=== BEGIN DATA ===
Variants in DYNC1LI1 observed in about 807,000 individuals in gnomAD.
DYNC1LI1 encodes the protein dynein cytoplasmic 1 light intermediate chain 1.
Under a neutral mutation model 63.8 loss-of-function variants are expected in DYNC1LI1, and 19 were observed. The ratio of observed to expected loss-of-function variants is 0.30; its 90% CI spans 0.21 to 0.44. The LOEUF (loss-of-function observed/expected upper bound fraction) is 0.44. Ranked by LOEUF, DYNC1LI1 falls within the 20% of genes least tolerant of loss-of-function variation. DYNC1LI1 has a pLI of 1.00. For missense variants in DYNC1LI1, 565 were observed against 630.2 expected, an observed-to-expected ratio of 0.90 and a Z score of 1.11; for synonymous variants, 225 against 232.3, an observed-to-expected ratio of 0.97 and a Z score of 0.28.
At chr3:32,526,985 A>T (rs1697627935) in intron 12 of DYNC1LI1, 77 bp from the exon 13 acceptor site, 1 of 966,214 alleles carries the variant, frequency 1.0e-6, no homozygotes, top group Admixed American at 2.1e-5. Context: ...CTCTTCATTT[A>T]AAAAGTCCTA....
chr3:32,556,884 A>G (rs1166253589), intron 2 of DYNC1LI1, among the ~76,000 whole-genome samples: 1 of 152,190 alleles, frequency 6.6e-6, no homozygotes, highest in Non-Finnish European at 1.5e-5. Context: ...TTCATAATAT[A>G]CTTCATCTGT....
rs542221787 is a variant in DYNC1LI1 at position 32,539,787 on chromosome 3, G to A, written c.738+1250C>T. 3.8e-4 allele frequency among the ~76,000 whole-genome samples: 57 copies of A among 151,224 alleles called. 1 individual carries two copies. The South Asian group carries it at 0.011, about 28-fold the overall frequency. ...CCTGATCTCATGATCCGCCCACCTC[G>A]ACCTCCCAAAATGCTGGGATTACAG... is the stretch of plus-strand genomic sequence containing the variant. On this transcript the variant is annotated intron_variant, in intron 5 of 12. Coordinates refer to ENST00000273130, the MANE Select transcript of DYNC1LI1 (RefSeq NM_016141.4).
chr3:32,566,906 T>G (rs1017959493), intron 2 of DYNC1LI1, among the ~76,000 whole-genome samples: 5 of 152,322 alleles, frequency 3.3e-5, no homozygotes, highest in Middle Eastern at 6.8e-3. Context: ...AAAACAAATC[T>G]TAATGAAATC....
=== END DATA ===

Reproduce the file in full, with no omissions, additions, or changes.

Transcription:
Variants in DYNC1LI1 observed in about 807,000 individuals in gnomAD.
DYNC1LI1 encodes the protein dynein cytoplasmic 1 light intermediate chain 1.
Under a neutral mutation model 63.8 loss-of-function variants are expected in DYNC1LI1, and 19 were observed. The ratio of observed to expected loss-of-function variants is 0.30; its 90% CI spans 0.21 to 0.44. The LOEUF (loss-of-function observed/expected upper bound fraction) is 0.44. Ranked by LOEUF, DYNC1LI1 falls within the 20% of genes least tolerant of loss-of-function variation. DYNC1LI1 has a pLI of 1.00. For missense variants in DYNC1LI1, 565 were observed against 630.2 expected, an observed-to-expected ratio of 0.90 and a Z score of 1.11; for synonymous variants, 225 against 232.3, an observed-to-expected ratio of 0.97 and a Z score of 0.28.
At chr3:32,526,985 A>T (rs1697627935) in intron 12 of DYNC1LI1, 77 bp from the exon 13 acceptor site, 1 of 966,214 alleles carries the variant, frequency 1.0e-6, no homozygotes, top group Admixed American at 2.1e-5. Context: ...CTCTTCATTT[A>T]AAAAGTCCTA....
chr3:32,556,884 A>G (rs1166253589), intron 2 of DYNC1LI1, among the ~76,000 whole-genome samples: 1 of 152,190 alleles, frequency 6.6e-6, no homozygotes, highest in Non-Finnish European at 1.5e-5. Context: ...TTCATAATAT[A>G]CTTCATCTGT....
rs542221787 is a variant in DYNC1LI1 at position 32,539,787 on chromosome 3, G to A, written c.738+1250C>T. 3.8e-4 allele frequency among the ~76,000 whole-genome samples: 57 copies of A among 151,224 alleles called. 1 individual carries two copies. The South Asian group carries it at 0.011, about 28-fold the overall frequency. ...CCTGATCTCATGATCCGCCCACCTC[G>A]ACCTCCCAAAATGCTGGGATTACAG... is the stretch of plus-strand genomic sequence containing the variant. On this transcript the variant is annotated intron_variant, in intron 5 of 12. Coordinates refer to ENST00000273130, the MANE Select transcript of DYNC1LI1 (RefSeq NM_016141.4).
chr3:32,566,906 T>G (rs1017959493), intron 2 of DYNC1LI1, among the ~76,000 whole-genome samples: 5 of 152,322 alleles, frequency 3.3e-5, no homozygotes, highest in Middle Eastern at 6.8e-3. Context: ...AAAACAAATC[T>G]TAATGAAATC....